And even though 80% of the energy matrix is renewable, there are still villages where the energy isn’t available, cutting off possibilities of higher education or better living conditions. Illustration #3 shows that currently, the country's rural electrification rate indicates that 78.95% have access to electricity, while 21.05% of the rural population does not have access. It doesn’t seem like bigger numbers, but in other words, 3,948 communities or 46,259 households in the country will not have access to electricity under the current energy concession model.
Figure 3. The current state of access to electricity in Panama 
The next stop on my journey took me to the Playa Chiquita school, about an hour from the city, in a small rural village bordered by mangroves and with an interesting condition: it was located on a former open-air rubbish dump, which had now been filled in for the construction of the school and was now a model of environmental development. At the highest point of the land, you were able to see the sea, and the gentle breeze blowing almost made you forget that at some time, the place was full of waste.
The school was practically self-sustainable: they had vegetable gardens, animal farms, areas dedicated to cultivation where the crops were used for school consumption and the surplus was sold, thus generating extra income for the school's operation. Except for energy, which came from the national grid, and who’s reliable wasn’t the best.
According to the survey results, 8 out of 10 participating children and young people believe that laws and educational talks should be promoted to help bring about a shift towards the development of cleaner energy . When asked if they had a message for the country's leaders on the energy issue, they replied:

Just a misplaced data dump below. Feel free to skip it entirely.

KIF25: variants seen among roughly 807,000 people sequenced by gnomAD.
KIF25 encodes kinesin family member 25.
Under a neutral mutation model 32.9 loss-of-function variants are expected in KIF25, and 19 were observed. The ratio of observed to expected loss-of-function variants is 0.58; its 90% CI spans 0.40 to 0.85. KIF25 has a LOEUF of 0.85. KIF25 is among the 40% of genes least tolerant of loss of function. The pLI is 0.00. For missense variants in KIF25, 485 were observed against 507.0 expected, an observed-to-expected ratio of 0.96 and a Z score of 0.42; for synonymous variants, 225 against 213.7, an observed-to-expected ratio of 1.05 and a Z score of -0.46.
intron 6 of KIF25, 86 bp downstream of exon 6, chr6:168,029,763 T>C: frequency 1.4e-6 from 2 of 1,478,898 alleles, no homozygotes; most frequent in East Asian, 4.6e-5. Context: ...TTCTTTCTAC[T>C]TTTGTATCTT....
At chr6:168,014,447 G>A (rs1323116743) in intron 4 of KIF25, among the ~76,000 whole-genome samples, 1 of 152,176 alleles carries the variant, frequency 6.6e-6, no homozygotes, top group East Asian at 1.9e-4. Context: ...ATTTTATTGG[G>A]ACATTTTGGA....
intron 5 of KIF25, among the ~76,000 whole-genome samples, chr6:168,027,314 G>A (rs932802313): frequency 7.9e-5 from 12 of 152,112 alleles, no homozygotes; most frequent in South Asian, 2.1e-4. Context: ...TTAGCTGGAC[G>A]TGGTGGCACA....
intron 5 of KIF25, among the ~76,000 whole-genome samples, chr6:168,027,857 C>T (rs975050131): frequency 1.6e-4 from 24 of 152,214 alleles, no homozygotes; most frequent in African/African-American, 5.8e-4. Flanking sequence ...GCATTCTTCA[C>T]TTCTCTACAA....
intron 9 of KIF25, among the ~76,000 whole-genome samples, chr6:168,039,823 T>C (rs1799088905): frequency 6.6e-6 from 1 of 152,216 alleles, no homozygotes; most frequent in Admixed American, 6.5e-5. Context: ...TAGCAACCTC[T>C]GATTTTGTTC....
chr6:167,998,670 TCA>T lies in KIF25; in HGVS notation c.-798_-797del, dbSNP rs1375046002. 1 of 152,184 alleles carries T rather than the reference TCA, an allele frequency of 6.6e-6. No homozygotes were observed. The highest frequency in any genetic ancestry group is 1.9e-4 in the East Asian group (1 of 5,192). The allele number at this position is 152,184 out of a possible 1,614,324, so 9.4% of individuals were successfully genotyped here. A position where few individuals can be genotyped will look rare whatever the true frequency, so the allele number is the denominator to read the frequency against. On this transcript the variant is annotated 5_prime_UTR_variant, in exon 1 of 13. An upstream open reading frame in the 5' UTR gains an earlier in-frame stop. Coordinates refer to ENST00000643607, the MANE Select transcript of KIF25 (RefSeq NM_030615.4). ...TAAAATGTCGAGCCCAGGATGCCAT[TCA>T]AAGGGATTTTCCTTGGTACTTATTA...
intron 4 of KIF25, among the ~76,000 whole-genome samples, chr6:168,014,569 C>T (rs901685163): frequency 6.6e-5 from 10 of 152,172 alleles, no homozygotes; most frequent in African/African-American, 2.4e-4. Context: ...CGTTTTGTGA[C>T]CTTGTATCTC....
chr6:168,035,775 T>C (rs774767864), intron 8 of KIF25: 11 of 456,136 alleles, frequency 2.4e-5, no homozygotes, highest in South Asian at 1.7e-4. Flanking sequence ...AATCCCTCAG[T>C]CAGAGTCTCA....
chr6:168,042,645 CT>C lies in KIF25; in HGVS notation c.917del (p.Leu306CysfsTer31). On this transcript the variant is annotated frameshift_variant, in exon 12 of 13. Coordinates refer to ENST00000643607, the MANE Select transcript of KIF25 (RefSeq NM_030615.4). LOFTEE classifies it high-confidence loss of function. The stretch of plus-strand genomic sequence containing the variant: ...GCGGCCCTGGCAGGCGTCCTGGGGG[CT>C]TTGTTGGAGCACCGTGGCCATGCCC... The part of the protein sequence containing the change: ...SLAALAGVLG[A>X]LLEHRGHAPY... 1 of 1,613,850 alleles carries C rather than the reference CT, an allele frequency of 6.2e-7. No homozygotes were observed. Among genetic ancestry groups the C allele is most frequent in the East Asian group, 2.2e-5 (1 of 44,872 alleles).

"The technologies and options exist to be able to make the energy transition and also to bring energy to the most distant communities, what is needed is the will on their [decision-makers] part. It is time to act.”
"The power is with them [decision-makers], we are just the voice, they have more power than us, therefore, they can do more."
However, in the countries of the Latin American region, the engagement of the population in climate and energy transition issues is difficult due to the level of economic and social development, coupled with more urgent problems to solve, such as those suffered by the people of La Bonga and Playa Chiquita in terms of access to basic needs such as internet, education, transport or health, which means that decisions on when, where and how to invest in energy transition end up being resolved at desks, sometimes with little participation of society, not by choice but by circumstances .
Figure 4. The children of Playa Chiquita during the survey
The need for a just and inclusive energy transition becomes even more urgent when the degree of vulnerability that people face because of climate change is higher. An example of this issue is that the first human displacement in Latin America due to climate change is occurring here in Panama, where more than 1,200 people will have to leave the island of Gardí Subdug (Isla Cangrejo in Spanish, Crab Island in English), home to an indigenous community of the Guna Yala, for the mainland, in search of refuge and where it is estimated that a high percentage of the climate displaced are children and young people.
The untold stories of La Bonga and Playa Chiquita taught me that we still have a long way to go if we want to achieve the UN Sustainable Development Goals: energy access for all, and that to show the real stories of the energy transition and its impact on people, we first need to humanise energy, not forgetting that the end product is intended to improve energy poverty, education in schools, to enable greater connectivity in rural areas, and to make life easier in general.